Virginia Postrel explains how zoning and other land use restrictions contribute to income inequality and economic slowdown. Here’s her summary:
As I have argued elsewhere, there are two competing models of successful American cities. One encourages a growing population, fosters a middle-class, family-centered lifestyle, and liberally permits new housing. It used to be the norm nationally, and it still predominates in the South and Southwest. The other favors long-term residents, attracts highly productive, work-driven people, focuses on aesthetic amenities, and makes it difficult to build. It prevails on the West Coast, in the Northeast and in picturesque cities such as Boulder, Colorado and Santa Fe, New Mexico. The first model spurs income convergence, the second spurs economic segregation. Both create cities that people find desirable to live in, but they attract different sorts of residents.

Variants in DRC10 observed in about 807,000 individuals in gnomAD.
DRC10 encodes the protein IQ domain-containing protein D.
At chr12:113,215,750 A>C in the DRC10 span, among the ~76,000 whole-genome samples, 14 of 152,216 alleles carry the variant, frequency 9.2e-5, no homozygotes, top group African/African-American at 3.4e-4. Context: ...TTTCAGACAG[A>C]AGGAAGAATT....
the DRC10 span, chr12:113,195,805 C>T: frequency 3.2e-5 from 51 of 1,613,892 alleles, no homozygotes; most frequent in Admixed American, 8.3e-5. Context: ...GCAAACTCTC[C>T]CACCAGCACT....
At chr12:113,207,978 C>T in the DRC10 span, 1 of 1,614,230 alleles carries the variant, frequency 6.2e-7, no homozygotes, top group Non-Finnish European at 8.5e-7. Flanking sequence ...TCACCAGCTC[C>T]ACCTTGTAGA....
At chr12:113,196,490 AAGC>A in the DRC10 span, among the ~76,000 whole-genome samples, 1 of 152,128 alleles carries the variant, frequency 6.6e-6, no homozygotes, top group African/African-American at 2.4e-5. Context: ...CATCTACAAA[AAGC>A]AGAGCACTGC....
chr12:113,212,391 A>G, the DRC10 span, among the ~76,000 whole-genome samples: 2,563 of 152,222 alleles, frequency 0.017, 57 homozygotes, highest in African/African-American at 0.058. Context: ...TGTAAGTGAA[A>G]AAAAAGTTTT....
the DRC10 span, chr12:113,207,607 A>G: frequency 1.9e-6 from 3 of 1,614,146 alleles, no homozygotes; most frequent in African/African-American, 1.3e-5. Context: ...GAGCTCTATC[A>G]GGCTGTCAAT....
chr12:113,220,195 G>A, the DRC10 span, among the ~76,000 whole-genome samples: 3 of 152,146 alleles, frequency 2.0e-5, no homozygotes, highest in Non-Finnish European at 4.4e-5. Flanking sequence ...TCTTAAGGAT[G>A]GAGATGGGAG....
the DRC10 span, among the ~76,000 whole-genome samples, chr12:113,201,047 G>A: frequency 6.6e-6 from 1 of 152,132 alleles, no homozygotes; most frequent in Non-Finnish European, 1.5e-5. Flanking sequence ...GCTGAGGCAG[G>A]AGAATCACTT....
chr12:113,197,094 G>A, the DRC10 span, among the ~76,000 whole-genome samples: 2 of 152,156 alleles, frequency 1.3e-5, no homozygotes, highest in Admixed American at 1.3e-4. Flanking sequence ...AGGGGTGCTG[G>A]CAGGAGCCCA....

As I’ve mentioned before I live in a neighborhood where plumbers live next door to middle managers. When you value this lifestyle, you necessarily value the conditions that foster it. Anything else is just kvetching.